Three senior professors who made substantial contributions to their scientific fields and provided many years of service and leadership at the Yale School of Public Health are retiring on June 30.
Former Dean Paul Cleary described Brian Leaderer, Ted Holford and Dan Zelterman as “pillars” within YSPH community who exemplified the best of what the school has to offer – innovation, collaboration, service and impactful scientific research that improved public health for all.
“It is the passing of an era,” said Cleary, who served as dean from 2006 to 2017 and is now the Anna M.R. Lauder Professor of Public Health (Health Policy). The Yale School of Public Health has built up an impressive team of junior faculty over the past few decades, Cleary said, primarily because of the nationally-recognized work of people like Leaderer, Holford and Zelterman and the impact they have had both within the school and in their respective fields.
“They are the ones who put the building blocks in place, and we owe them a tremendous amount of gratitude,” Cleary said. “Their presence enhanced the prestige of the school and made it so much easier to recruit people.”
Leaderer, the Susan Dwight Bliss Professor of Epidemiology (Environmental Health Sciences) and a professor of forestry and environmental studies, pioneered some of the earliest environmental health research into indoor air quality. His study about the hazards of using kerosene stoves and heaters in enclosed spaces (published as a lead article in Science) provided the scientific underpinnings that led to new regulations and warnings about their use.
Using one of the first controlled environmental chambers located at the John P. Pierce Laboratory at Yale, Leaderer, a Pierce Laboratory fellow, conducted extensive research into vapor-phase contaminants and particle contaminants generated by indoor environmental tobacco smoke (ETS). His modeling of ETS exposures helped lead to the banning of smoking in commercial spaces. The work earned Leaderer a prestigious ASHRAE Crosby Field Award.
With an undergraduate degree in engineering, Leaderer helped design one of the first passive air sensors, versions of which remain in use today. His research into the health impacts of passive smoking on pregnant women and children’s birth rates and how nitrogen dioxide from gas stoves contributes to health problems and pediatric asthma was groundbreaking.
A selfless collaborator, Leaderer, in a recent interview, attributed much of his success to the outstanding talents of the people he worked with including Ted Holford, Michael Bracken, Janneane Gent, and William Kane.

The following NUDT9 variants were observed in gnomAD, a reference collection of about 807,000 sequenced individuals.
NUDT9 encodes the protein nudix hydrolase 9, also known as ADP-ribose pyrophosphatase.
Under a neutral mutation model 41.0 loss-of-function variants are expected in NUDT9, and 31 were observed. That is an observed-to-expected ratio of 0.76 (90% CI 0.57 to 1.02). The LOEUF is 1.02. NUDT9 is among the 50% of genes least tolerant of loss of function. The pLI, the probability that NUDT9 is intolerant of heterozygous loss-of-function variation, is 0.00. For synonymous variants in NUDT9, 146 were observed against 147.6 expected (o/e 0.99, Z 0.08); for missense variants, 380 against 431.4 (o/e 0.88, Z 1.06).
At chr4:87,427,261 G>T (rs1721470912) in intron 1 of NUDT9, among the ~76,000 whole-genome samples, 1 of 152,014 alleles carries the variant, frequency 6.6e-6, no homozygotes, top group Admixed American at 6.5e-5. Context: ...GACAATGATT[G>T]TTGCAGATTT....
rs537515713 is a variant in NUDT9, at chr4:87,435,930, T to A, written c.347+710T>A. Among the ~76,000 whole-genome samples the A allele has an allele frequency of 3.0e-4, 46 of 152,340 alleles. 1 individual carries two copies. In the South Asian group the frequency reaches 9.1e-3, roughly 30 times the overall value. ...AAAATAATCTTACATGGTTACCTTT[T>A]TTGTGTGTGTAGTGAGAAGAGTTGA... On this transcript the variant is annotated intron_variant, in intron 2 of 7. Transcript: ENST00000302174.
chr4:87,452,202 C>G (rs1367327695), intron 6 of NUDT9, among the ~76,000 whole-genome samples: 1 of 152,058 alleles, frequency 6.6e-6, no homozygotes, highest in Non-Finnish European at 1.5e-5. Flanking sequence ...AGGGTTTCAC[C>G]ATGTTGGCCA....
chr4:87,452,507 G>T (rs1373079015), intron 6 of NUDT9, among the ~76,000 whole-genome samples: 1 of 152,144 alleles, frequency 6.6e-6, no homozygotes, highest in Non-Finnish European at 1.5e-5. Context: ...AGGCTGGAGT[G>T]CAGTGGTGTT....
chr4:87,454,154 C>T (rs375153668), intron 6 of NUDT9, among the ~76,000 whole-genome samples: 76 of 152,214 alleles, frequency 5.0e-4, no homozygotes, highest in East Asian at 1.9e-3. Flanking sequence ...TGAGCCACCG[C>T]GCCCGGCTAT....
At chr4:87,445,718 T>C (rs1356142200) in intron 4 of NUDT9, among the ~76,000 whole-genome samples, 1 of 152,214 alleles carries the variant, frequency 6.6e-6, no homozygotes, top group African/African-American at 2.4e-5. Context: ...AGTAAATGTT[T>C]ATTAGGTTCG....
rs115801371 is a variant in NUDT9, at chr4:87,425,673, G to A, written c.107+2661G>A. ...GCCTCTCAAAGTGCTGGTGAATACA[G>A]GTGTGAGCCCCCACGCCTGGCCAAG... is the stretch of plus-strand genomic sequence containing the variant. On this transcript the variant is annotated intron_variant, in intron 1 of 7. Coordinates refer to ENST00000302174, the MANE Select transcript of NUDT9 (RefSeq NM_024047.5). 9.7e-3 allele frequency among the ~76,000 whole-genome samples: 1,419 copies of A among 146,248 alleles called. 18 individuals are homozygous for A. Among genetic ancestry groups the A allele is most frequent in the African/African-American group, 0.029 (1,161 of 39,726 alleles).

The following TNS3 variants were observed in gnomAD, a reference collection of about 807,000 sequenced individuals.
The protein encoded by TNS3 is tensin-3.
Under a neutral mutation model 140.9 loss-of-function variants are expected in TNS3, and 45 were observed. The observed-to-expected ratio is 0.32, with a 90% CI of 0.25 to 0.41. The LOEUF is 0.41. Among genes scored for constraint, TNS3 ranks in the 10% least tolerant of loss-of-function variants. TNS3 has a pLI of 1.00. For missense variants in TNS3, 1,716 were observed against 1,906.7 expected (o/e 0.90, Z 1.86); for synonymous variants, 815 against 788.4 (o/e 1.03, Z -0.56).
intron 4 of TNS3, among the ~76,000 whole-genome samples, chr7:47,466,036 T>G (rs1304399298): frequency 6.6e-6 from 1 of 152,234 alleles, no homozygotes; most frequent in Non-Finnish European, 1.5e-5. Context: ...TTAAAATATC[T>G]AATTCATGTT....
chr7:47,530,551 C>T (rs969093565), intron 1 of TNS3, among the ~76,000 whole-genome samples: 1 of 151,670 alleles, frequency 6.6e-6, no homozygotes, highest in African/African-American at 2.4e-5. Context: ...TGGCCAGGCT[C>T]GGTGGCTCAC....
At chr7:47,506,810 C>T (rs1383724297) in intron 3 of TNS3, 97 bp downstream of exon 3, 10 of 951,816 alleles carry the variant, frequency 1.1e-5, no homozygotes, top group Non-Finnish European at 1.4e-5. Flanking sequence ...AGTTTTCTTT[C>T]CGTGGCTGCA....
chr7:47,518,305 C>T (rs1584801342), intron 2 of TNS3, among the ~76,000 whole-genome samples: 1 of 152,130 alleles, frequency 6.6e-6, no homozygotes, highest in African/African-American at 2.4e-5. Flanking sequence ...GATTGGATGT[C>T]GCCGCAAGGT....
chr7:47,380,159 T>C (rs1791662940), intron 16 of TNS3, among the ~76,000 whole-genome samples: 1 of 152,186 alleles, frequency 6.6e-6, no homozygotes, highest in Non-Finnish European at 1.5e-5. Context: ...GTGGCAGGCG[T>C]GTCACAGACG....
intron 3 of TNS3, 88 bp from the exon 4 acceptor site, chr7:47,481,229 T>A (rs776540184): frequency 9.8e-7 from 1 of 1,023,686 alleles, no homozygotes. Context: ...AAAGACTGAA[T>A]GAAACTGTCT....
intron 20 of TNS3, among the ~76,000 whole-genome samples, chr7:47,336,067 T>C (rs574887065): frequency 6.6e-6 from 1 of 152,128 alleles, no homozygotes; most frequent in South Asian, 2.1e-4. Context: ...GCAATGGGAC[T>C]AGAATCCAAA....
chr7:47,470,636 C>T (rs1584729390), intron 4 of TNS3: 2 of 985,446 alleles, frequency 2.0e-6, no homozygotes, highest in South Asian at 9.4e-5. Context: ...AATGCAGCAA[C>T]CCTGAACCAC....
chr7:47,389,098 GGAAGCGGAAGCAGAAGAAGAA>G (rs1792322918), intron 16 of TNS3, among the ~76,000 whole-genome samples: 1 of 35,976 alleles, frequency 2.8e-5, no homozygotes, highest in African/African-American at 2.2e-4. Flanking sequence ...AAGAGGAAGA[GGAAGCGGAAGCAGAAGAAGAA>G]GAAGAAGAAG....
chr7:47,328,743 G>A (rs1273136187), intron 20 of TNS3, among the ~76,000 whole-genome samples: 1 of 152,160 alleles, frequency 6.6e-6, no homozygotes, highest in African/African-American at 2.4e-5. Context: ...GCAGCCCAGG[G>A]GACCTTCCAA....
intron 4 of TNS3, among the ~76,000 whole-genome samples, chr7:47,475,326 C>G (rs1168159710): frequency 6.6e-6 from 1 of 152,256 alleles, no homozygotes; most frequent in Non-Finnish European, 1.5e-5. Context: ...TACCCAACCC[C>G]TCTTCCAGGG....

But others said Leaderer’s contributions to his field cannot be understated.
“Brian’s outstanding knowledge of environmental exposures and how they should be measured has been invaluable to moving forward the fields of environmental exposures,” said Bracken, the Susan Dwight Bliss Professor Emeritus of Epidemiology at the School of Medicine and founding director of the Yale Perinatal Epidemiology Unit (PEU).
Leaderer frequently collaborated with Bracken and other PEU members on research into the environmental causes of respiratory diseases in infants and children. In recognition of the importance of that research, the PEU was renamed the Center for Perinatal, Pediatric and Environmental Epidemiology (CPPEE) at YSPH and the Yale School of Medicine in 2002 with Bracken and Leaderer serving as co-directors.
Leaderer’s contributions as an administrator and faculty leader are as impressive as his long list of research publications (300+). During his time at YSPH, Leaderer served as head of the Division of Environmental Health Sciences, Interim Dean of Public Health (2 years), Deputy Dean of Public Health (14+ years), Vice Chair of the Department of Epidemiology in Public Health and Interim Chair of the Department of Environmental Health Sciences. Leaderer also led numerous intraschool committees including the appointments & promotions committee, centennial committee and CEPH accreditation committees, which, under his watch, obtained a seven-year reaccreditation for YSPH, the maximum term allowed.